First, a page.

When I was in high school and college we did not yet have Snopes. We had to rely on something which we called common sense. Mimeographed sheets were passed around schools, churches, workplaces, and the neighborhood with warnings about sinister plots in the world. The Procter & Gamble company, maker of soaps and toothpastes and many other household items, was actually a satanic organization, which could be proved by studying their corporate logo. Rock musicians were hiding nefarious messages in their popular songs by recording the messages backwards. Atheist Madalyn Murray O’Hair had persuaded members of Congress to introduce legislation that would ban all Christian broadcasting from American radio and television. None of these messages was true, but without Snopes to discredit them, these messages continued to be shared and believed.

Somehow in the twenty-first century Facebook has become the target of these kinds of rumors. Facebook is going to start charging users for its services. Facebook has claimed ownership and intellectual control of anything its users have ever posted, even if they have deleted those posts. Facebook pirates are using the identities of Facebook users to hack into other users’ accounts and cause terrible harm and destruction.

Snopes has addressed all of these rumors and found them to be incorrect. (Of course if you Google the phrase “Snopes tool Illuminati,” you will receive nearly 42,000 hits in less than half a second.) Facebook users shouldn’t have to check with Snopes before accessing their accounts. Some old-fashioned common sense should dispel any rumors about Facebook, as I will now try to demonstrate:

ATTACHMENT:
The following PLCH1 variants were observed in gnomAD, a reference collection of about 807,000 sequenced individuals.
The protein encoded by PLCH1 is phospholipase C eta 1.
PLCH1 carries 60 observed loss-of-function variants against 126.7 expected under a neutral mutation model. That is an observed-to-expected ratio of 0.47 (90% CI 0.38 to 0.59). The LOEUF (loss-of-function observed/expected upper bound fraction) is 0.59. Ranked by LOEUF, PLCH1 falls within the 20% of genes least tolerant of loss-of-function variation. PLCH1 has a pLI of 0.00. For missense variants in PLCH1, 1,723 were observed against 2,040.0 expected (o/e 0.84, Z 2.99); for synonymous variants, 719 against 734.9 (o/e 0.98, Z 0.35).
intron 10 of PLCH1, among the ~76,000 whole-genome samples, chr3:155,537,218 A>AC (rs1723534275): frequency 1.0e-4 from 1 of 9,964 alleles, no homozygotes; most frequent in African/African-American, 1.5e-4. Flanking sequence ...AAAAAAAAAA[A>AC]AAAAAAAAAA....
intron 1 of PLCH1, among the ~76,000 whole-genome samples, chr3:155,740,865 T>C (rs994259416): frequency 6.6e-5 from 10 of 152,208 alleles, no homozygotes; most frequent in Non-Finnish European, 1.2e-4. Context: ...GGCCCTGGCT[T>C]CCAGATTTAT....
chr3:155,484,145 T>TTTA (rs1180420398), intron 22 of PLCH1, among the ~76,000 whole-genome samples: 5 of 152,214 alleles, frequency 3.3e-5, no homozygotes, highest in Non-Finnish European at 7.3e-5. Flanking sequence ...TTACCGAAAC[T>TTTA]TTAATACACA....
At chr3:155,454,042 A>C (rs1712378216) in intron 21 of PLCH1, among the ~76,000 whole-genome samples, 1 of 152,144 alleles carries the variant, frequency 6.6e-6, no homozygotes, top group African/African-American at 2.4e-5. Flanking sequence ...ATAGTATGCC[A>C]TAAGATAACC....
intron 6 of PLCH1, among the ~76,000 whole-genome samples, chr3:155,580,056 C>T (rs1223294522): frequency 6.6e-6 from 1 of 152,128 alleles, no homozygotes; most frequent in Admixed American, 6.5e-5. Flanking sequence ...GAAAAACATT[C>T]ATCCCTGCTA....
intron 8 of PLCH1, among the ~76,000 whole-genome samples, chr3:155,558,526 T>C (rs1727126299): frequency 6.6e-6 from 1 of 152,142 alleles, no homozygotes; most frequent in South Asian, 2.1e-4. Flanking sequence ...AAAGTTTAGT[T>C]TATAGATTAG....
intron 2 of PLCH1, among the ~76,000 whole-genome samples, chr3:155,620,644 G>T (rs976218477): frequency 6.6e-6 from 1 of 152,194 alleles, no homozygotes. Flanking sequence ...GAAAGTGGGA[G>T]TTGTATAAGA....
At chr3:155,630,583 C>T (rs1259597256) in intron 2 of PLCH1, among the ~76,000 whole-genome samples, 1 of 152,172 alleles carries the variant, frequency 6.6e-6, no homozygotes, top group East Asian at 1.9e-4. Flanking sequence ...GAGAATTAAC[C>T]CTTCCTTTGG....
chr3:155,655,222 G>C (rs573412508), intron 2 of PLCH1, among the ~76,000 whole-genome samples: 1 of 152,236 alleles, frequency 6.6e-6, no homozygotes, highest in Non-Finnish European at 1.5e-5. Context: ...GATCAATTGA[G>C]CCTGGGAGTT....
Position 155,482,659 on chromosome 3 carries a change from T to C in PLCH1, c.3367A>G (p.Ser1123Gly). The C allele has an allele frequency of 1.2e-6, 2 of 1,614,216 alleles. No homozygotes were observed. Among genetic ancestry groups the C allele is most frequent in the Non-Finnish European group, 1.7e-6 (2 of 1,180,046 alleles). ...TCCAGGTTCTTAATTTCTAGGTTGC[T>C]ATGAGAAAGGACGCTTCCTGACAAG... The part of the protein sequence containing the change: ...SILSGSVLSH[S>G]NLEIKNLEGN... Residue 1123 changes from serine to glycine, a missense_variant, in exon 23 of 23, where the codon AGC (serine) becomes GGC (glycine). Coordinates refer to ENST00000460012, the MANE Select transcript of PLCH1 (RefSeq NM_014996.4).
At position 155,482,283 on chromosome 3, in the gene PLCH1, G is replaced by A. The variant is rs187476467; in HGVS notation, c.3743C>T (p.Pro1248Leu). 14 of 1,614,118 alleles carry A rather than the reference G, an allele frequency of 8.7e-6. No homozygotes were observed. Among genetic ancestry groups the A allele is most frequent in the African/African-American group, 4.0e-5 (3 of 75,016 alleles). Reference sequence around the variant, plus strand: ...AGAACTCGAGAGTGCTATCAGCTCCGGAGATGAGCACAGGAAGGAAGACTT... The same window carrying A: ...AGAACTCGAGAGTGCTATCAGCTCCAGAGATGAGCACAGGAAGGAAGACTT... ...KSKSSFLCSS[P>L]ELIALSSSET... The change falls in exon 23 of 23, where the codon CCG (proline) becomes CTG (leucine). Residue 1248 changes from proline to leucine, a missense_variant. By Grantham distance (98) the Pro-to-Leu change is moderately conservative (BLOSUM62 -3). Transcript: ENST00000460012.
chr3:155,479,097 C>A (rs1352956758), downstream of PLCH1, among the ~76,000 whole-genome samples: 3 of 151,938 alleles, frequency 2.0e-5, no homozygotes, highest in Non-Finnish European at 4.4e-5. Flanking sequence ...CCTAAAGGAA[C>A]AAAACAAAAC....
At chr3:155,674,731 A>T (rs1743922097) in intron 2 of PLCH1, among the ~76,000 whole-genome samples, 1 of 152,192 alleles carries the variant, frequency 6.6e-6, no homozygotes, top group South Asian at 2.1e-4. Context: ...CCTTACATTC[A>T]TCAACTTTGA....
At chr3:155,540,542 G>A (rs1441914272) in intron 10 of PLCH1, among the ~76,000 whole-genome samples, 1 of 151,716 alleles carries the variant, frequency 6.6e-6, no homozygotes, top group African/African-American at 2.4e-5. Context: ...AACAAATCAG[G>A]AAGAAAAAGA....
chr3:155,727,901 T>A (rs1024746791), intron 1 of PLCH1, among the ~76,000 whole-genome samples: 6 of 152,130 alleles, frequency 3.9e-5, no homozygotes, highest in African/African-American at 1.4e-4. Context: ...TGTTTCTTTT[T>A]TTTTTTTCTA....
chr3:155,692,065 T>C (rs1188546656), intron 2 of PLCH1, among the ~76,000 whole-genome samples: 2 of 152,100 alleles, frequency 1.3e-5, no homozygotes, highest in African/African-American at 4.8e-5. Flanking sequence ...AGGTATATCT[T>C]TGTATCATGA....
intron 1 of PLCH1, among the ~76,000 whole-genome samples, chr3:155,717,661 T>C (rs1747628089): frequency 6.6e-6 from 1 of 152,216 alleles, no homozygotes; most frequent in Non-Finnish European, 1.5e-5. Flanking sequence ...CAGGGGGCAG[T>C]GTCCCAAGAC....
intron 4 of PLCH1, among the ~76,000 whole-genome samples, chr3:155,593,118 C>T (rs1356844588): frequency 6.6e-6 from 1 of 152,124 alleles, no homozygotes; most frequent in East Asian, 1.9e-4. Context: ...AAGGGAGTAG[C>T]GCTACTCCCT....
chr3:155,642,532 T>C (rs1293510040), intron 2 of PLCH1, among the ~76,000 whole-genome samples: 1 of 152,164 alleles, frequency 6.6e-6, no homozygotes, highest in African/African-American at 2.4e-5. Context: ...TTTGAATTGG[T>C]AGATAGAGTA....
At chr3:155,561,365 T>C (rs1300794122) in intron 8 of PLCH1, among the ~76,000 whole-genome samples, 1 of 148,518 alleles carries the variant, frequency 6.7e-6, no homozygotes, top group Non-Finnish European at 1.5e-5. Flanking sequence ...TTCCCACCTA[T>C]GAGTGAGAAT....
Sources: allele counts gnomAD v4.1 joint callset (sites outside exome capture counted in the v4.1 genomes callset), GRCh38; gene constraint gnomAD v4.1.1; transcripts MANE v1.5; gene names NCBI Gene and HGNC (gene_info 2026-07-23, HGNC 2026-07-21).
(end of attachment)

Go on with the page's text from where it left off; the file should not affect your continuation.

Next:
• Facebook makes a lot of money providing its free services to its users. If it was not profitable, Facebook would not continue to exist. But it’s not your money that Facebook is earning, so why should you even care?
  • Facebook does not claim ownership of the material its users post. On the other hand, everything posted on Facebook is available all over the Internet to every kind of user. Stalkers and other creepy people can see what you post on Facebook. So can people who have a more legitimate reason to care what you post. Never post anything on Facebook that you would not want seen by your parents, your children, your neighbors, your current employer, or any possible future employer. Use Instagram for those embarrassing posts.
  • Some of the people you encounter on Facebook will have beliefs and opinions that differ from yours. These people include relatives, old high school friends, and even members of your church. They will post statements that you believe to be wrong. They will disagree with things that you post. They will sometimes be rude about these differences. Life happens.
  • If you do not read the things you post before you send them to Facebook, you will sometimes be guilty of silly and embarrassing typos, misspelled words, and improper grammar. A quick run through what you have written will help you catch those mistakes, and this can affect the opinion other people have of you. Save your typos and other mistakes for Twitter.
  • Facebook is not the world. It does not deserve more of your attention than your job, your household, or your relationship with the Lord. It is possible to turn off Facebook and step away from the computer. It is possible to go an entire day without looking at Facebook. Some people live normal and happy lives without even having a Facebook account.